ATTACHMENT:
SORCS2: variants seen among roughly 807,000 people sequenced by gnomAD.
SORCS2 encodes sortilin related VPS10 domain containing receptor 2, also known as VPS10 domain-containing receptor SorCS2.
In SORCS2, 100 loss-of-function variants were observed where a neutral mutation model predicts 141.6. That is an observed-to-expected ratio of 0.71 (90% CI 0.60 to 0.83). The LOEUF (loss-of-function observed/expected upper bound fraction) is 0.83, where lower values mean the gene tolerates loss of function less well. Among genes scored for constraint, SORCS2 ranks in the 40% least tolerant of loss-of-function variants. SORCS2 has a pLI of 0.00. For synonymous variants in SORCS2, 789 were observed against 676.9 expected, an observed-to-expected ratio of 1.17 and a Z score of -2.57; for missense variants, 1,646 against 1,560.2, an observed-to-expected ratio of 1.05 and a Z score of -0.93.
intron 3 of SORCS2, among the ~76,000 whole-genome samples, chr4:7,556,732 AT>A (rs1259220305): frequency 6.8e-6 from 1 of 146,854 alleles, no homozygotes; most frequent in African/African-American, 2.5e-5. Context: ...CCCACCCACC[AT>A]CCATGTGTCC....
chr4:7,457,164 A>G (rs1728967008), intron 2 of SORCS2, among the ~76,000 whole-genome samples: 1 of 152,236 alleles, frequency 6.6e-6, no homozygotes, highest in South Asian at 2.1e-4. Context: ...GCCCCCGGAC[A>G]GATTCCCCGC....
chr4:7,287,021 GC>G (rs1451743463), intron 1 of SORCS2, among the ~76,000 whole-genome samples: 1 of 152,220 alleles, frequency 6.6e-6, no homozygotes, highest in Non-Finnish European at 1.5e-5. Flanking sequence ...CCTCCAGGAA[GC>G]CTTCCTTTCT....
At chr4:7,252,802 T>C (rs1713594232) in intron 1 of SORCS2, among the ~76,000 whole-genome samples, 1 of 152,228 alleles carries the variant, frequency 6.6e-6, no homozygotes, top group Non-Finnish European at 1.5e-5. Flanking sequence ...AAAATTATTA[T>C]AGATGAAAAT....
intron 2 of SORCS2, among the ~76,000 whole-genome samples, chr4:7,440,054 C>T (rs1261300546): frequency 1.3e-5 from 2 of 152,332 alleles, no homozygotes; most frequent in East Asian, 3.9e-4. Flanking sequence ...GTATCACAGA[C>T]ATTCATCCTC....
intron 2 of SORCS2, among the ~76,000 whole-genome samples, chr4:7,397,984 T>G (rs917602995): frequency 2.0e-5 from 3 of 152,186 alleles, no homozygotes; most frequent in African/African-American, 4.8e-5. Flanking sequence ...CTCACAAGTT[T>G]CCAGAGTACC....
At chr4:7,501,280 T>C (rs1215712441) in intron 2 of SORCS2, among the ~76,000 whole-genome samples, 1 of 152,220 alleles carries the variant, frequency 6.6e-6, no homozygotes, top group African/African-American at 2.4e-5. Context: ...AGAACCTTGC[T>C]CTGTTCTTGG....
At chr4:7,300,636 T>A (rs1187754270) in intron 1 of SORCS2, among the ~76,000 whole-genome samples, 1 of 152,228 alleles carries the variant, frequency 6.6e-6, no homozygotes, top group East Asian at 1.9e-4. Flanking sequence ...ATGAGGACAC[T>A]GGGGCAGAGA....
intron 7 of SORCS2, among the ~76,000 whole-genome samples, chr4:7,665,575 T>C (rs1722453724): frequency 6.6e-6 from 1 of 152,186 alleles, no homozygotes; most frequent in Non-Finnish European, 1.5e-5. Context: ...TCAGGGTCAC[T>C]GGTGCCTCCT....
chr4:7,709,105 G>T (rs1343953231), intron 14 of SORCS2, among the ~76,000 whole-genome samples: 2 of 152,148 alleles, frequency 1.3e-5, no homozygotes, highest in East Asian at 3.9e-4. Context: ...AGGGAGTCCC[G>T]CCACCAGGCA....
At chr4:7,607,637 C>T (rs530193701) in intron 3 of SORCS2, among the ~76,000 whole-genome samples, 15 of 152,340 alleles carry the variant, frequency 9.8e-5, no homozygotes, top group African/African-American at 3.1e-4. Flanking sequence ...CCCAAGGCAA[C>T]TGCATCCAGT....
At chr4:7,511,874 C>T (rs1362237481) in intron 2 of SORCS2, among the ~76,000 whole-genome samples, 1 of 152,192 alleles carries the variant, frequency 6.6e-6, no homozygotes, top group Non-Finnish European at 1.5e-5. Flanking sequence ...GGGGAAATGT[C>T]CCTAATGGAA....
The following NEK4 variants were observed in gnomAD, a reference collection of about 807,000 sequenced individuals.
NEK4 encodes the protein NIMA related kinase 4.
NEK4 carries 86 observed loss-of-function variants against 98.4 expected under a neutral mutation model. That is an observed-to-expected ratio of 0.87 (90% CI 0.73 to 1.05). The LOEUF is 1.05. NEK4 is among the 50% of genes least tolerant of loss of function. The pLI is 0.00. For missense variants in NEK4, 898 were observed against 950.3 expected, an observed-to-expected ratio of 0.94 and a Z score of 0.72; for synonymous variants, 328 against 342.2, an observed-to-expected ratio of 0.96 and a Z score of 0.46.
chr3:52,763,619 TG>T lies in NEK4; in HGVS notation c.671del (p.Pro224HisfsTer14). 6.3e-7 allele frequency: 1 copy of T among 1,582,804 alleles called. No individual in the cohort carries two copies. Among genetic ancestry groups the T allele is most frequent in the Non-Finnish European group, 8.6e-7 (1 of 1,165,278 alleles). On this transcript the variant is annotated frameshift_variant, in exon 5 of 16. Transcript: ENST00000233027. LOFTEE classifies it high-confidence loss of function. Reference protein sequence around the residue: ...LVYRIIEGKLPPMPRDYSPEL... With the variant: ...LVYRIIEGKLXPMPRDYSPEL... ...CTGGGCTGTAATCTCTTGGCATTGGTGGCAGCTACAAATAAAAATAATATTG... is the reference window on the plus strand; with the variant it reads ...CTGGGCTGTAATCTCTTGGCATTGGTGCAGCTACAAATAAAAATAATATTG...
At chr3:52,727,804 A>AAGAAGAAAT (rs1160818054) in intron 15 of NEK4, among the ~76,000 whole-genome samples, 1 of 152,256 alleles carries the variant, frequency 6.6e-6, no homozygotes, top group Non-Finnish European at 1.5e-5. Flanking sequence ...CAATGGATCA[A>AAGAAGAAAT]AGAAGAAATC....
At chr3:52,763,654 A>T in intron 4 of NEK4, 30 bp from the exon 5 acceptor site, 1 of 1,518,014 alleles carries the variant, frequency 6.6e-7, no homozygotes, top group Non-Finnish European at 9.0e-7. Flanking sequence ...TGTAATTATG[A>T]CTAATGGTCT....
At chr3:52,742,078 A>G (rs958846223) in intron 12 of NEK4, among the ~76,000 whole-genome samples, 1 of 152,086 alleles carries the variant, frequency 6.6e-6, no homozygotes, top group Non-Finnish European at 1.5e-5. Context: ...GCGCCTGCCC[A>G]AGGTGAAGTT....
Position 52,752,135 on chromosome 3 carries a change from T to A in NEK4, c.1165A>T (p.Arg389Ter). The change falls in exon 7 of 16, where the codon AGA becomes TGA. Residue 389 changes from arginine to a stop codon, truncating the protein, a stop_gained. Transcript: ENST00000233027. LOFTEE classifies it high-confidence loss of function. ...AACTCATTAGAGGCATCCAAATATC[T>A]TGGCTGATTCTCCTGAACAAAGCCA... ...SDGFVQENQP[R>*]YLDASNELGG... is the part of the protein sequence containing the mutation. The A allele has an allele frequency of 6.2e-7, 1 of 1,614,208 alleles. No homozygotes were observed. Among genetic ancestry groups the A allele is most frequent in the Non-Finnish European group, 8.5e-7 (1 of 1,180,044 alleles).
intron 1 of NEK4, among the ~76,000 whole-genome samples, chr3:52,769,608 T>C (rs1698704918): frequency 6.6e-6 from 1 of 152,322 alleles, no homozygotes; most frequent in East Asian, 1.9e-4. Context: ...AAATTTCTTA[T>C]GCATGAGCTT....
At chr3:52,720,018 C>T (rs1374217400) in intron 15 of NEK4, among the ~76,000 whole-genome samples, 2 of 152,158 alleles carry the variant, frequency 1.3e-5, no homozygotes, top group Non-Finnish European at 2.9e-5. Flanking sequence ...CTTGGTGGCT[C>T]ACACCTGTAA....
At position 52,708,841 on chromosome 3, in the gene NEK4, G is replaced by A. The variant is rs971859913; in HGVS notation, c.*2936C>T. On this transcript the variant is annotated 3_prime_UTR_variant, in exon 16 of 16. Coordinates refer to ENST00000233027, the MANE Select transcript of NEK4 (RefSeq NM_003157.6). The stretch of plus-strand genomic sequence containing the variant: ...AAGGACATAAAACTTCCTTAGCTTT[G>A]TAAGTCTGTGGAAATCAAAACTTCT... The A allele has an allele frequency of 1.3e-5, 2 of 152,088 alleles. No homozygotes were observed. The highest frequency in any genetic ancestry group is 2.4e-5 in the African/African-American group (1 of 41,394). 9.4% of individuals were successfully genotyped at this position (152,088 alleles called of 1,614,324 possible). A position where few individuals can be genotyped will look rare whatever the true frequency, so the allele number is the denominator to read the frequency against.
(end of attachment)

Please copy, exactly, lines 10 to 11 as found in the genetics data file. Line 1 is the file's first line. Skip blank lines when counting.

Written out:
At chr4:7,501,280 T>C (rs1215712441) in intron 2 of SORCS2, among the ~76,000 whole-genome samples, 1 of 152,220 alleles carries the variant, frequency 6.6e-6, no homozygotes, top group African/African-American at 2.4e-5. Context: ...AGAACCTTGC[T>C]CTGTTCTTGG....
At chr4:7,300,636 T>A (rs1187754270) in intron 1 of SORCS2, among the ~76,000 whole-genome samples, 1 of 152,228 alleles carries the variant, frequency 6.6e-6, no homozygotes, top group East Asian at 1.9e-4. Flanking sequence ...ATGAGGACAC[T>A]GGGGCAGAGA....